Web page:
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Plausible: Nvidia Working on x86 CPU

For the second time in less than a week, graphics chipset maker Nvidia is at the center of a rumor that could turn the tech sectors upside down.

Last week, the California-based GPU maker was rumored to be pushed out of the console graphics market by none other than Intel. This week, it seems as if the tables have turned, with Nvidia reportedly working on an x86 CPU.

According to The Inquirer, the GPU powerhouse is trying to produce an x86 chip. While the legal implications may stop anything concrete dead in its tracks, that probably wouldn't stop Nvidia from producing the hardware and worrying about a financial settlement later. When Nvidia started collaborating with Stexar back in 2006, many were predicting that some sort of CPU would be the result. It's been over two years, so the market may finally be privy to the fruit of Nvidia's labors.

"Word reached us a bit ago that Nvidia is definitely working on an x86 chip and the firm is heavily recruiting x86 engineers all over Silicon Valley," says The Inquirer.

While producing an x86 CPU would certainly put a wrench in the works for Intel and AMD, the move seems to be off message for Nvidia. For the past year or so, Nvidia has been pushing its GPGPU, or General Purpose Graphics Processing Unit, concept. This rumored Nvidia CPU would completely go against that grain.

While Nvidia may not be able to snag a license from Intel, there may be another option. If Nvidia collaborated with a company that already possesses an x86 license, VIA for example, you may see an Nvidia-branded CPU yet.

  • one-shot
    I remember reading this on the Inquirer a few days ago. It may be interesting to see Intel come down on them.
    Reply
  • TheFace
    Competition is a great thing for the market. I hope it's true.
    Reply
  • gwellin
    I could be wrong but isn't x86 32-bit? I would think if you're going to invest a crapload of money into developing a new chip, shouldn't you probably do a 64-bit one? Unless you think 32-bit is going to be around forever.
    Reply
  • dragabain
    My two cents (I'm no expert and I don't work in IT) is that Nvidia is working on a hardware decoder to turn x86 commands into something its Graphics cards can handle. That way they can throw 2, 3 or 4 cards in a computer and not need a processor. Also this makes it so they don't have to ask the community to recompile their programs for their arch.
    Reply
  • saljrWhat about merging with AMD/ATI?

    Do you want a monopoly in the graphics card sector? Because if they merge, that is what you'll have. Remember in 2006 when AMD/ATI didn't have a GPU that could compete with the nVidia 8 series? $400 8800GTS 640MB graphics cards for almost a year was the result. nVidia didn't come out with a single GPU that was noticeably better than the 8800GTX for 2 years because they didn't have to.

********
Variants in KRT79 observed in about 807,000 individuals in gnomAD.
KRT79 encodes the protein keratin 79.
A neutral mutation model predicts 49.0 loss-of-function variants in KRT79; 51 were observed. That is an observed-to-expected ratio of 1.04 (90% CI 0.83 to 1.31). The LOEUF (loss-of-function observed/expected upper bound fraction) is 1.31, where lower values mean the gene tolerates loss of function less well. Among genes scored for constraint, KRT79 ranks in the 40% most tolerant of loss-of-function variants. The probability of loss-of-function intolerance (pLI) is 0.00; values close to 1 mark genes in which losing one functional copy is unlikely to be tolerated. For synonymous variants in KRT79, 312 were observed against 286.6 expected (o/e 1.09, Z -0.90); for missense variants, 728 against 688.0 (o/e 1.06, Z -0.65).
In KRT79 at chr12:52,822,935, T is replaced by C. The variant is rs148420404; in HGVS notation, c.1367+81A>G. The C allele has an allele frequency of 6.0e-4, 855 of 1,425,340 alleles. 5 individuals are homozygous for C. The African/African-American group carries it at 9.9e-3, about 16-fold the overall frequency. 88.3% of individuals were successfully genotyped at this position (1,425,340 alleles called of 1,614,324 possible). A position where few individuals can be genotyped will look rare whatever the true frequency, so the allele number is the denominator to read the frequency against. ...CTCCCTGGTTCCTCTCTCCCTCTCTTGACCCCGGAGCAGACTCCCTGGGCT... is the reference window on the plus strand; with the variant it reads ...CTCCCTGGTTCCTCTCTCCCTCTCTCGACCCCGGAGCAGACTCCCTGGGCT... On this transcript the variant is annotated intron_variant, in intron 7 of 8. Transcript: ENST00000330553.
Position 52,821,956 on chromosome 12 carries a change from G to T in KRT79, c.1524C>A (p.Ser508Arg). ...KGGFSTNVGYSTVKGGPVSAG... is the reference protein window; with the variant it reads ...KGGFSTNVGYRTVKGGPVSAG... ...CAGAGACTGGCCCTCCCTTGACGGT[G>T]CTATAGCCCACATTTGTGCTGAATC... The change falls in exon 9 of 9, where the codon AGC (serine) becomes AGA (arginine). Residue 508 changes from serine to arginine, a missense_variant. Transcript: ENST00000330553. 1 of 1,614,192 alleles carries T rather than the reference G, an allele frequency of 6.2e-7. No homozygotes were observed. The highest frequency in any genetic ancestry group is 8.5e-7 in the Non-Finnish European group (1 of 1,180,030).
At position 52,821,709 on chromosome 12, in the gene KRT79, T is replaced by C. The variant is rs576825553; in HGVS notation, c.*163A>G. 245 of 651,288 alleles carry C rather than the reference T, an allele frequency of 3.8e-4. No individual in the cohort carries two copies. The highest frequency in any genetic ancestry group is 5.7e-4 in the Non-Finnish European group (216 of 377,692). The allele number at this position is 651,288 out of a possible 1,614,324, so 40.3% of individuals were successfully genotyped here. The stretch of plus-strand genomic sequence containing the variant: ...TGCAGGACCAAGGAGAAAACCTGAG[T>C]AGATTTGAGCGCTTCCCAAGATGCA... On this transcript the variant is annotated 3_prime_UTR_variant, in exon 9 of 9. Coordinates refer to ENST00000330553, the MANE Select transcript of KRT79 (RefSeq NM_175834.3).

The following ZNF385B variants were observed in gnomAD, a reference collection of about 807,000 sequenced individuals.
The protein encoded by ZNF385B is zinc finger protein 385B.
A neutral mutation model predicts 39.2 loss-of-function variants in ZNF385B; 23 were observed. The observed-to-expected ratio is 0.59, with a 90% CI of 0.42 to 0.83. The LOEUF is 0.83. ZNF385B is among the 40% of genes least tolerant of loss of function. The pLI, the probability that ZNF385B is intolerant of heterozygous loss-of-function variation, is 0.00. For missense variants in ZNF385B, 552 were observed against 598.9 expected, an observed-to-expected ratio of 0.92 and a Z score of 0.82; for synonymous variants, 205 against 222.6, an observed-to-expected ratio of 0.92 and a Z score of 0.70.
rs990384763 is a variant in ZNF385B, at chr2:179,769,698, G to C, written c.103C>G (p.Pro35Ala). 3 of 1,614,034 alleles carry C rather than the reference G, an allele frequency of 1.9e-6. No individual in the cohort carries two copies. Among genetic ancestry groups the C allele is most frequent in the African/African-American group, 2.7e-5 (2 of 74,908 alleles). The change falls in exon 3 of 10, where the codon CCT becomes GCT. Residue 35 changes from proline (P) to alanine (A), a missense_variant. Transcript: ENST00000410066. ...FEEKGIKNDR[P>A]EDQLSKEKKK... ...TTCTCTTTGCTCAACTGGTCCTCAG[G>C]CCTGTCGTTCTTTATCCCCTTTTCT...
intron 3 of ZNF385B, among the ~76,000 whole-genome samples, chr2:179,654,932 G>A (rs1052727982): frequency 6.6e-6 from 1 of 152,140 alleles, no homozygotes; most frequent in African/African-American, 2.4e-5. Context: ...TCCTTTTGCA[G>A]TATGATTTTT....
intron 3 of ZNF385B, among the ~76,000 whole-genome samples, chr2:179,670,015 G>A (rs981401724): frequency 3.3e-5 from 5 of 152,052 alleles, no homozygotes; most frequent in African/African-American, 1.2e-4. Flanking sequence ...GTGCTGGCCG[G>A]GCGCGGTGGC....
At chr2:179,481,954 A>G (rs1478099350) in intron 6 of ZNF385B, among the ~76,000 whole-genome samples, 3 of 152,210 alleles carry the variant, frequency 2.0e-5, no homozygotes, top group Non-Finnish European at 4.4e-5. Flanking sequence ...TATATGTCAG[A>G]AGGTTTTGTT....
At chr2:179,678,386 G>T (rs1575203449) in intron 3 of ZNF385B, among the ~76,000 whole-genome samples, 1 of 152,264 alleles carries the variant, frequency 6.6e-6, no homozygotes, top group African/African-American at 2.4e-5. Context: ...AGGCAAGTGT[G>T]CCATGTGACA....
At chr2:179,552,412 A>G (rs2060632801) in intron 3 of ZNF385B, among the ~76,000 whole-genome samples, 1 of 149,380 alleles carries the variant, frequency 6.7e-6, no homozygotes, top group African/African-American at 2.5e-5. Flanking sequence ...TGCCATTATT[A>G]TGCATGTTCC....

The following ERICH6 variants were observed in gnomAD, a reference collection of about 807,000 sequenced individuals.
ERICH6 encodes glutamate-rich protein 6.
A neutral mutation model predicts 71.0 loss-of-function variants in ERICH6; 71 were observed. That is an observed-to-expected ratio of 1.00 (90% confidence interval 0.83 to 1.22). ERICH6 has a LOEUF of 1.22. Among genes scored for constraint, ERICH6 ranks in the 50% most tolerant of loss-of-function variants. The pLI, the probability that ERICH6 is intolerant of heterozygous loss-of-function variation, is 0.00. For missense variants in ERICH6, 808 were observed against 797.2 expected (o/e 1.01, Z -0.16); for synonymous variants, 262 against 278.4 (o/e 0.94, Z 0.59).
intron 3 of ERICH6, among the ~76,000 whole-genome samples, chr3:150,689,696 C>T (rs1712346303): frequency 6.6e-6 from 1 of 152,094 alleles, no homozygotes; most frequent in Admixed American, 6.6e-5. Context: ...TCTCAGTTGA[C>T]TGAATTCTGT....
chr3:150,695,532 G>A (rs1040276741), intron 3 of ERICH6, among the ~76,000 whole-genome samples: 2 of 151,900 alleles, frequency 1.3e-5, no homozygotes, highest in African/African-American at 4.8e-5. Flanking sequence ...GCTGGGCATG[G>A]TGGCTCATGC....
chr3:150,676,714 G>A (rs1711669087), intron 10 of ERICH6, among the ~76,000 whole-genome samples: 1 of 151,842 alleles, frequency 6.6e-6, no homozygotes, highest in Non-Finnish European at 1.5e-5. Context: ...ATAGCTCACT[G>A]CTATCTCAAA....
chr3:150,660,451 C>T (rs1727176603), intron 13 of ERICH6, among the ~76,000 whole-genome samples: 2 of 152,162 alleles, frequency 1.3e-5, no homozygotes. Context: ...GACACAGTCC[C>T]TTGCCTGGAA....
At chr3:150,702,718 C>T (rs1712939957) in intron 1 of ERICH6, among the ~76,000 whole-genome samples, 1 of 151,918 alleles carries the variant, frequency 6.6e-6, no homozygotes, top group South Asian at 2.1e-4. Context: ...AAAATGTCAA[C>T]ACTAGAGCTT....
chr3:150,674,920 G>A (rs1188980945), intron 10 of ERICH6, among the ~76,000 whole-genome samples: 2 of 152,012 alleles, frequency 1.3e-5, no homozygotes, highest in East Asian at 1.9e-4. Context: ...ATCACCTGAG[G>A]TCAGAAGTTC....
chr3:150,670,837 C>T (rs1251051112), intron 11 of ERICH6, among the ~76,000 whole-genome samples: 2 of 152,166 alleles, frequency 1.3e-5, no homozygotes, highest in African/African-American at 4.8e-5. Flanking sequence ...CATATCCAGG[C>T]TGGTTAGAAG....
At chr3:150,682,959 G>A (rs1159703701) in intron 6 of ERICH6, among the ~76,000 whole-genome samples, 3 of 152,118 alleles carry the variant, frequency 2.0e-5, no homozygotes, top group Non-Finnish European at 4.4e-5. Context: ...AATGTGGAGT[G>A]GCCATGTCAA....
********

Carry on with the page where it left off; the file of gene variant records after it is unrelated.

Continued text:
nVidia merging with AMD/ATI would be just as bad as AMD going under and Intel being the only CPU maker.
    Reply
  • Well, x86 now generally refers to the instruction set supported by CPUs used in PCs (and now Mac too). On the other hand, if NVIDIA is building a x86 CPU, this should be top secret, and you have to wonder how likely it is that an NVIDIA hater like Charlie at the Inquirer would have access to that. NVIDIA may be hiring engineers with CPU experience, but given AMD's layoff and mandatory pay cut for everyone, isn't that normal for any company looking to hire at this time? If you're looking for an hardware engineer with good experience, you're going to have many candidates who are current or former AMD engineers.
    Reply
  • gwolfman
    dragabainMy two cents (I'm no expert and I don't work in IT) is that Nvidia is working on a hardware decoder to turn x86 commands into something its Graphics cards can handle. That way they can throw 2, 3 or 4 cards in a computer and not need a processor. Also this makes it so they don't have to ask the community to recompile their programs for their arch.I'd guess something similar. If they can use the x86 CPU as the co-processor of some sort, then translate it into GPGPU commands, then the GPU can run any program available. Who knows...
    Reply
  • StupidRabbit
    dragabainMy two cents (I'm no expert and I don't work in IT) is that Nvidia is working on a hardware decoder to turn x86 commands into something its Graphics cards can handle. That way they can throw 2, 3 or 4 cards in a computer and not need a processor. Also this makes it so they don't have to ask the community to recompile their programs for their arch.
    now THAT would be interesting to see. even if it would require a new motherboard design.
    Reply
  • deltatux
    I smell an Apple-motivated move for NVIDIA, seeing that Apple uses NVIDIA exclusive chipset for everything they do.

    deltatux
    Reply
  • Blessedman
    Isn't this what Transmeta tried to do?
    Reply